GRINDSTONE ISLAND NEWS - JULY 26, 1998
It’s been a week of beautiful weather, red sunsets, and friendly parties. And for us, as for many of the Grindstone families, it is the beginning of the season when the children and grandchildren begin to gather at the river. On Wednesday, three of our grandchildren, Pom’s and Belle’s seven- year- old Phoebe and five- year- old twins, Anna and Eliza, arrived to spend a few weeks at Grandma’s and Grandpa’s while Pom and Belle went off to Nashville partly for pleasure and partly for some study of family economics. Belle goes back to work on Monday managing the public health office in Allentown, Pa., but Pom, an English teacher at Moravian Academy, in Bethlehem, Pa, will come to the river to spend a week with the children and us before Belle can join him on August 7th. Chris Hein also arrives from California on Monday with his three children to spend time with his parents, Norvin and Jeanne, while Uma, Chris’s wife, a pediatrician, visits her family. The men who were boys together here on the Thurso Bay Association point should have a good time turning their children into river rats. A Swiss friend who spent a week or so with us when Chris and Pom were boys about the same age, is arriving on Wednesday from Montreal, with his wife, their new baby, and Reudi’s parents, to spend a few days. Chris and Pom will probably show him a few trade secrets about changing diapers or backpacking a sleeping child. All over the island, life has been equally busy, equally hectic, equally heartwarming, equally just what we planned for this summer place to be, a family home. This week, Lisa and Susan Coughlin, Joan and Freddie Rueckert’s grandchildren, have come down from Midriver to swim with our little kids who are a bit too much like young goats for this one old lady to catch more than once or twice as they leap, laughing, off the rock,-- not completely proficient at swimming back to it!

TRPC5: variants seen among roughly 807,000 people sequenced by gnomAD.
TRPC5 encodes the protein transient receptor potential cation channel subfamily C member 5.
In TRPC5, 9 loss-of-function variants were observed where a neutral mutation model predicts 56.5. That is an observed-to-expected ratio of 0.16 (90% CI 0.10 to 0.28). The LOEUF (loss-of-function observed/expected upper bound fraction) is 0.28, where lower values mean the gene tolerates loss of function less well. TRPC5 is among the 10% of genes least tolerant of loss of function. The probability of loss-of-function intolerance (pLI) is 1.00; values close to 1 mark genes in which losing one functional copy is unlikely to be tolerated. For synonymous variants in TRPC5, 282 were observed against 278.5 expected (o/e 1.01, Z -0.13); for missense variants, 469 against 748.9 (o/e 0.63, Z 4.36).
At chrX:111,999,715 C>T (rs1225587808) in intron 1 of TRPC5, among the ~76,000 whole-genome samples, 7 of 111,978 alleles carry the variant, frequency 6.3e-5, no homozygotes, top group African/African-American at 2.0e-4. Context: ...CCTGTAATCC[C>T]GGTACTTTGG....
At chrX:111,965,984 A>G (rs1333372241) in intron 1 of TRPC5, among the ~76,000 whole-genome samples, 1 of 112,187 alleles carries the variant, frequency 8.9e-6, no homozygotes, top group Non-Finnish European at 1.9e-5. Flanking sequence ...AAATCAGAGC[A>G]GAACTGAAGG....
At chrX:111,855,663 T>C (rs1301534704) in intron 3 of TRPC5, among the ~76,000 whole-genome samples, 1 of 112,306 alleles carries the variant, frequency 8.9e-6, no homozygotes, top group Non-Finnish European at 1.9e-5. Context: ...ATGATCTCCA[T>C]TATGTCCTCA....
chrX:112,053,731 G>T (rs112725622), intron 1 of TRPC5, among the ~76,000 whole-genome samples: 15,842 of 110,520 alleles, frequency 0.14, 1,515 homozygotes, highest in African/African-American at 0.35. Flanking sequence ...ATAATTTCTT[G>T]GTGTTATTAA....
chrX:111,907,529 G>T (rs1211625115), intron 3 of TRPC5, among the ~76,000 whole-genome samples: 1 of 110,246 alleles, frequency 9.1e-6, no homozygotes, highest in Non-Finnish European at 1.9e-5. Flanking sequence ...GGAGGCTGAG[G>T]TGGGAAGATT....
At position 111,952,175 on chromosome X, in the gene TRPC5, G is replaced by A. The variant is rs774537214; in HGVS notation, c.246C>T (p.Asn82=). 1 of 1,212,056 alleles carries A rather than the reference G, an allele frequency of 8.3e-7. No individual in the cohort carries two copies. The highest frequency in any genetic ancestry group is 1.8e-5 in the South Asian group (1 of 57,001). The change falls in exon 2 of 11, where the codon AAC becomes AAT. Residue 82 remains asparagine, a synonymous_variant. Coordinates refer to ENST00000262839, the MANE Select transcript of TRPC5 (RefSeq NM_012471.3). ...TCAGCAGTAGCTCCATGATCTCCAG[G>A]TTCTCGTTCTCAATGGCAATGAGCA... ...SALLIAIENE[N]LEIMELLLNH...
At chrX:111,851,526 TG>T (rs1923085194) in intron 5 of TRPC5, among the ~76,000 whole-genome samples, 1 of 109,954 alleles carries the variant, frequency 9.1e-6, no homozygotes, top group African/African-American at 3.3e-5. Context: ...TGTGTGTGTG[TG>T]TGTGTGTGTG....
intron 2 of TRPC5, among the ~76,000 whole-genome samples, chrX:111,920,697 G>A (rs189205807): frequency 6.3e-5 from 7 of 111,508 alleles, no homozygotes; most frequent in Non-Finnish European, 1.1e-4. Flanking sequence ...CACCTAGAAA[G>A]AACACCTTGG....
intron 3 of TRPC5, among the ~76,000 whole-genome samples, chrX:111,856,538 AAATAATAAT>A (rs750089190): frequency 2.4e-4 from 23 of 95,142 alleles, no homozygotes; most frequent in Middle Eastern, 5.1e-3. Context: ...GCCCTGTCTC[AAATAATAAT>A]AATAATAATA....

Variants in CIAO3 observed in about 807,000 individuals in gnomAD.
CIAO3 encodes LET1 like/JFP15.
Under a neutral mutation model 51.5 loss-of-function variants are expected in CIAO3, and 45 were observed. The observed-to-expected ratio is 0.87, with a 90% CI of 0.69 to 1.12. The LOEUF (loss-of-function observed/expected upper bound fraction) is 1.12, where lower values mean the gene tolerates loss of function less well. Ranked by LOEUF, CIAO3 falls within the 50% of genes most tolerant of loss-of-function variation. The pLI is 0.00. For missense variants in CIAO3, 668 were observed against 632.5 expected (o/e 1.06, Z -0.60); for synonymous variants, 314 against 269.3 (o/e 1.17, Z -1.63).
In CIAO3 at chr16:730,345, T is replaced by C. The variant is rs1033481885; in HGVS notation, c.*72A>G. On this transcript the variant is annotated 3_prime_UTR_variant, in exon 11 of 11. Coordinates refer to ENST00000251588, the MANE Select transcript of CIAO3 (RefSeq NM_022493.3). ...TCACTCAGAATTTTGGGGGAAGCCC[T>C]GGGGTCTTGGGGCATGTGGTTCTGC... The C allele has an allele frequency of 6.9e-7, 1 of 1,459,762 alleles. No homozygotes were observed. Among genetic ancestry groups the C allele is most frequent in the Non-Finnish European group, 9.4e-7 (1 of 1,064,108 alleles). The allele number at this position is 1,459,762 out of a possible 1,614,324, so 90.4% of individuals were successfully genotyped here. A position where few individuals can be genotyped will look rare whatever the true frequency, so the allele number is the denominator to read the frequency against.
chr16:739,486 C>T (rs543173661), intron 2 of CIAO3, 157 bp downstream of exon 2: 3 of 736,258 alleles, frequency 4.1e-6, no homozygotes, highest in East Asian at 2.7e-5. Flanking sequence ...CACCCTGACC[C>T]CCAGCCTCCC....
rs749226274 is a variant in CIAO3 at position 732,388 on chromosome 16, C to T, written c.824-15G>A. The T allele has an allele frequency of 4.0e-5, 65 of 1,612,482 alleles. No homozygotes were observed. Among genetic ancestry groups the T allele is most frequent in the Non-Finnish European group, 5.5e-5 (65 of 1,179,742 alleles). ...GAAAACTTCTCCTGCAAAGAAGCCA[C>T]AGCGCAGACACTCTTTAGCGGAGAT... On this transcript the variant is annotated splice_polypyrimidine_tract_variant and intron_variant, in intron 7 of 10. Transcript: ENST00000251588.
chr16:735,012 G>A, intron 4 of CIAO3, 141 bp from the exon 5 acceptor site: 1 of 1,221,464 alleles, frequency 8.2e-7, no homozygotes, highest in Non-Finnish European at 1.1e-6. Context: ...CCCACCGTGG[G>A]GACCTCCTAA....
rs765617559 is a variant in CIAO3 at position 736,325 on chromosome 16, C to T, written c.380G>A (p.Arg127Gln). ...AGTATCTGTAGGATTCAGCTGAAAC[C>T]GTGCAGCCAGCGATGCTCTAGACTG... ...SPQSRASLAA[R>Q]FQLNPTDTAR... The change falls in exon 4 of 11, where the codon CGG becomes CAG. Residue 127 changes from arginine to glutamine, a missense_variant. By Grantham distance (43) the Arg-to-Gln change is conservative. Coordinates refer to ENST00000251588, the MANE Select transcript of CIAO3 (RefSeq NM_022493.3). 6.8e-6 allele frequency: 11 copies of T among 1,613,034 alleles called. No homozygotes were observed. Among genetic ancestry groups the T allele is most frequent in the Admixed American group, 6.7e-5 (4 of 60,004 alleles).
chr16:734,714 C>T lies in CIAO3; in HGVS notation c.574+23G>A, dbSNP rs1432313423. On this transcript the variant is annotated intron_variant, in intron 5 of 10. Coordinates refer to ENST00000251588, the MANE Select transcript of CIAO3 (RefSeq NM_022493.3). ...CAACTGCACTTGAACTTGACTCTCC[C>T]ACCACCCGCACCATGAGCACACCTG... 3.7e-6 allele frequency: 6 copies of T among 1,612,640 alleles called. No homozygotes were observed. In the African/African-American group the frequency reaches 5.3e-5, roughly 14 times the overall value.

Church was full on Sunday morning even though this was Old Homes Day on Grindstone, and many of the islanders were busy preparing the noon meal at Potter’s Point, (Brenda peeling a great bowl of ripe, sliced peaches that were at their peak of juiciness !). The Davisons filled two pews, and all the way back clans patch worked the sanctuary. The childrens’s choir sang “Kum Ba Yah” and John Marks, Jane Wagner and Debby Smith started the congregation singing “Dona Nobis Pacem” as a round. The full singing of this summer-only congregation is wonderful to hear and to be in the midst of its sound of music is like being in no other church, at least churches I know. And where else do you find a basket of fresh beans awaiting you as you shake the minister’s hand and go on your way? Those on Sunday were from Lolita’s garden. Gifts of God for the people of God.
Debby Donaldson helped Minister Jane deliver the sermon by dancing an essay on the praying of the Lord’s prayer. Her brother, Jeff Marra, was the voice of God hearing the prayer, and commenting on it…cogently! Debby’s dancing is another of those gifts for the people of God. Immediately after the service, Jane left to join her daughter, Joy, for a week at Camp Aldersgate where Jane will teach the adult campers how to strengthen the music programs in their churches. Jane’s gift in music is another of the gifts given us this year.
Though the children this morning told Jane they don’t have any worries, the adults weren’t part of that conversation! The adults did laugh.
But they sobered as we offered prayers for the families who lost loved ones in the shooting at the capital building on Friday. How many moods we pass through in one short hour. We were, at the next moment, thankful to have good news from two of the Grindstone friends we have been worrying about. Marie Moore has made such good progress in her medical treatment that her doctor said she can come to her college class reunion, and she is going to do it. From there, if everything goes well, she will come to Grindstone. Helen Parker went through her surgery on Monday very well, and is getting back on her feet. How delighted we will be to have both of them back on the island.